the next picture is the calculations of the bill of materail weight (e.g.,  the ingredients and their individual weights).  i analyzed a couple different hull buildups and am going with the 3/16 palowinia (hence highlighted in yellow).  the time by the computer today was sorting out all the weights and it suggest a build coming in at ~ 26lbs fully rigged.

anyway, i thought it might be interesting to share.  the last time i built a customized boat i was within a pound of the calculated weight.....so it can be reasonably reliable if you are careful with the math and a careful builder.    happy to hear any feedback.   material has started to arrive so i expect in March the building will be starting.

h

RE: new kayak project -paulownia arrived

as i think about spring coming and it warming up enough that wood glue works (> 50 degrees), my project for a 25lb lightweight touring kayak has started in earnest.   

the other day i picked up the petrel play forms from CLC (plus a couple nice T-shirts that were on sale).  today, my 1000 linear feet of 3/16X3/4X96 inch paulownia strips arrived.   big thanks to Randy Bogardus at Clearwood Paddleboards for sorting through his inventory and rejecting the 'heavies' to mill me the lightest strips.

i was impressed with a really tight packing job and everything appears to have come through shipping in great shape.  my initial impression is the paulownia, compared to cedar is not visually interesting.  very consistent color and grain.   pretty much a balsa wood kind of look....so am curious to see how we will approach the finishing steps and how stain and paint will work with this.

next steps are to buld a new workbench in the garage and get the strongback set up.....i expect the stripping to go faster than usual as, like a lot of folks, i am working out of the house for the next several months  so i can covert commute time stripping time.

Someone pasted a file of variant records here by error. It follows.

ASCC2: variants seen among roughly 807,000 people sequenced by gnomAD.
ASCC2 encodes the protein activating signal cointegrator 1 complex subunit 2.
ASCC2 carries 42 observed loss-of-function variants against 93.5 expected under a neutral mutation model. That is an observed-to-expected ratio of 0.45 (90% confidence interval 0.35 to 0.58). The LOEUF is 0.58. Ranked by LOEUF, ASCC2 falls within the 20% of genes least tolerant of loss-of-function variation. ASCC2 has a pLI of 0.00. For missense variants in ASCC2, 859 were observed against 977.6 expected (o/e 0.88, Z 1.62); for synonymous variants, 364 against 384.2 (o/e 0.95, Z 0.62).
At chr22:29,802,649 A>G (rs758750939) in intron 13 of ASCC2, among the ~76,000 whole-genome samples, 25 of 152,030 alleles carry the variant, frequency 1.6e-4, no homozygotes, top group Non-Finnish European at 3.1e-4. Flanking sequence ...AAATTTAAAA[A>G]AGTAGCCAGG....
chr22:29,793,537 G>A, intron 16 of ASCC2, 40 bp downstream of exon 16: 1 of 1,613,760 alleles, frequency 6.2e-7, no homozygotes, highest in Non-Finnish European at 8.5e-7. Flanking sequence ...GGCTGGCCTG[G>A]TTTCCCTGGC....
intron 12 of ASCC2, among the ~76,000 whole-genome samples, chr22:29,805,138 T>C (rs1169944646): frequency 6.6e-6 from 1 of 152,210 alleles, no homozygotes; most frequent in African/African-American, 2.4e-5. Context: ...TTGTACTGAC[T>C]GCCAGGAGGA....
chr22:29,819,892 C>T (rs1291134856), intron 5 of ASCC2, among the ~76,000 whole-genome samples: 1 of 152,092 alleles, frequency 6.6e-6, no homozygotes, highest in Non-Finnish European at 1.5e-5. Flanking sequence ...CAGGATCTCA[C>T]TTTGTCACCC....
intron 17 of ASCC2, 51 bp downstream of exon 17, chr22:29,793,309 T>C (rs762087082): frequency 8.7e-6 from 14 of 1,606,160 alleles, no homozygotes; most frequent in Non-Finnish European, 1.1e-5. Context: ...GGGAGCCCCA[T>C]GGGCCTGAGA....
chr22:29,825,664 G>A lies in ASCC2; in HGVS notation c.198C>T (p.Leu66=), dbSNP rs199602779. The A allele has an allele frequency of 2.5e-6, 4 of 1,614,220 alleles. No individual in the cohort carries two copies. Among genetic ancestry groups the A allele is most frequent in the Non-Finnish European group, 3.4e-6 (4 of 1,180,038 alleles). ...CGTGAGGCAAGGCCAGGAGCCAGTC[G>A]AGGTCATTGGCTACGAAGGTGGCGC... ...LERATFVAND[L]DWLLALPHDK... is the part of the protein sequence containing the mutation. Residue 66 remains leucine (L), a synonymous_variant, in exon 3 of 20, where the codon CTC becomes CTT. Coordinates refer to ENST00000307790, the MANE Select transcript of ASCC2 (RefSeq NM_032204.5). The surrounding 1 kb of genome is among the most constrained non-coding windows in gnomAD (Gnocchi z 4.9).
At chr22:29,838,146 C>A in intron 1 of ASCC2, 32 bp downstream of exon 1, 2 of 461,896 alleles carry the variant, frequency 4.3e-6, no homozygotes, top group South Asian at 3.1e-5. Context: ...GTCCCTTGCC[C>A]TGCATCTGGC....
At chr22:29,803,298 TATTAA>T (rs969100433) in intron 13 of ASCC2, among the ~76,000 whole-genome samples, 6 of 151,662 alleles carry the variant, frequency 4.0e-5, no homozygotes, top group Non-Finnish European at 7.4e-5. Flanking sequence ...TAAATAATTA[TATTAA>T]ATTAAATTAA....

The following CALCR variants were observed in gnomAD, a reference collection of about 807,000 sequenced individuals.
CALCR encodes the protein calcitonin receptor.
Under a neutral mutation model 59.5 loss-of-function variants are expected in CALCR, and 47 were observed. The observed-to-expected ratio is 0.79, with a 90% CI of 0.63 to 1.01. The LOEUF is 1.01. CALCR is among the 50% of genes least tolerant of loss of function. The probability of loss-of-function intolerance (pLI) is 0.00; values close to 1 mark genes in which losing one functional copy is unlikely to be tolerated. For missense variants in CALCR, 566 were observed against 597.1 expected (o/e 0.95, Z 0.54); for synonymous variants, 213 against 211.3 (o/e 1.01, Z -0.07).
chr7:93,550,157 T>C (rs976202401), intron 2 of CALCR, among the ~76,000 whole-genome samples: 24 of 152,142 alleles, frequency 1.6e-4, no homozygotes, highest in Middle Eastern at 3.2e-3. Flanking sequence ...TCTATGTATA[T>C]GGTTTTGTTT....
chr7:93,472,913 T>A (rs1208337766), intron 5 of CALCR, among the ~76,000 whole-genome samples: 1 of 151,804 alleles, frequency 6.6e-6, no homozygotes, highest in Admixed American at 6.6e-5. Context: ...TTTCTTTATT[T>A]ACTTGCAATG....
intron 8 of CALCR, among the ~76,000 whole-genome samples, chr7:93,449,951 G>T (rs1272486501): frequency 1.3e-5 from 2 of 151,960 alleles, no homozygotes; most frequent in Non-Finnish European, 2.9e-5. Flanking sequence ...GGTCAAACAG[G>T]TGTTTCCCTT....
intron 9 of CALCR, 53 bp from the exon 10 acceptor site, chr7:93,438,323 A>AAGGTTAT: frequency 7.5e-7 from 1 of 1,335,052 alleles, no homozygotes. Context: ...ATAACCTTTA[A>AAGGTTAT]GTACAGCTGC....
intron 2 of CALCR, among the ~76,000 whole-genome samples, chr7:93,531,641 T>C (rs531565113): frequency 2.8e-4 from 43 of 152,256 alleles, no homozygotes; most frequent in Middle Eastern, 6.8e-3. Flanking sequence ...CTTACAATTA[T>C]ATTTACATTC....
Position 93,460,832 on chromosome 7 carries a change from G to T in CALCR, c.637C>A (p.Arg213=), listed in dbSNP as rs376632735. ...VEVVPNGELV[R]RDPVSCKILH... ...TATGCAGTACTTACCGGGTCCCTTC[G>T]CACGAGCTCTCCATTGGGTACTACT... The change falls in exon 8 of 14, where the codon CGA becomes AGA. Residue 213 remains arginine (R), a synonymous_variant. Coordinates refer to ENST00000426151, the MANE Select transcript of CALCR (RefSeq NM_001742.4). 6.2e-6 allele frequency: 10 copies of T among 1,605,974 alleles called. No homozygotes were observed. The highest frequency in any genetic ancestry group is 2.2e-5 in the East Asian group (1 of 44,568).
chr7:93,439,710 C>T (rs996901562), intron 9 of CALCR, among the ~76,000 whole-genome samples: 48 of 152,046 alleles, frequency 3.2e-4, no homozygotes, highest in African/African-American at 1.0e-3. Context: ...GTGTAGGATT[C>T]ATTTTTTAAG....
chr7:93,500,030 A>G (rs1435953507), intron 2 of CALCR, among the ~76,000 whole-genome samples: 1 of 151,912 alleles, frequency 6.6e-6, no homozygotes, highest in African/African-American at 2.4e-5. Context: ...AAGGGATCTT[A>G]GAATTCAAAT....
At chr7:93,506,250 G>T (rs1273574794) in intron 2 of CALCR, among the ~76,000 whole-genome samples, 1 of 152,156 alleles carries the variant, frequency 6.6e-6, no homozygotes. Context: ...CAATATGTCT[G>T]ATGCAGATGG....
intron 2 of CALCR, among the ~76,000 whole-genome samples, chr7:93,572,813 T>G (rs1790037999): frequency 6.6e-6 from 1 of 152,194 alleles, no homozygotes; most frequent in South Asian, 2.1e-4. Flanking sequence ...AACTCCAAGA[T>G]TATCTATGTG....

h

RE: new kayak project research

Keep the updates coming.  My next project is likely a Panthera 2 lightly build so that it is easy to laod on my truck.  I might use Paulownia for the hull.    

RE: new kayak project research

   ok....so it's finally getting warm and today i started cleaning up the garage and re-arranging things so i can start my build.  it's a pretty small space i have right now and i have to share the garage with a lot of other stuff during this build.  thank goodness this boat is just under 14 feet long. 

anyway, today i got the strongback out, a work table organized and just starting to get everything where i need it to be able to start.  tomorrow i hope to start getting the forms set up on the strongback.  whoopee!

RE: new kayak project research

it's warmed up here in the DC region and i have started the project in earnest.

the last two days were about setting up the frames and making the adjustment for the custom deck.  this was a tedious process and doing it the old fashioned way with a petrel play hull and a customized, low profile deck.  the low profile deck takes some volume out of the ends but does not impact the general cockpit volme.

the picture below shows the desired profile and a reference line for sorting it all out and a draw-over on the original petrel play hull profile, so you can see generally what i mean by taking some volume out of the ends.

as i mentioned, below the water line, there is no difference from the petrel play but i took some spring out of the shear and thus there is a new shear line and the first and last couple form are signficantly cut back.  for most of the paddling i do which is flat or flat and windy, this should have no negative impact....and probably a positive one.  in trying to hit 25lbs everything matters so a little less volume on the ends adds up to taking about 120 square inches of skin out of the boat and yields back 7.09 oz of weight saving, and less windage.  interestingly enough, the tweak in measurements adds a bit of knee room (about 1/8 inch) and takes out a bit of foot room (about 3/16)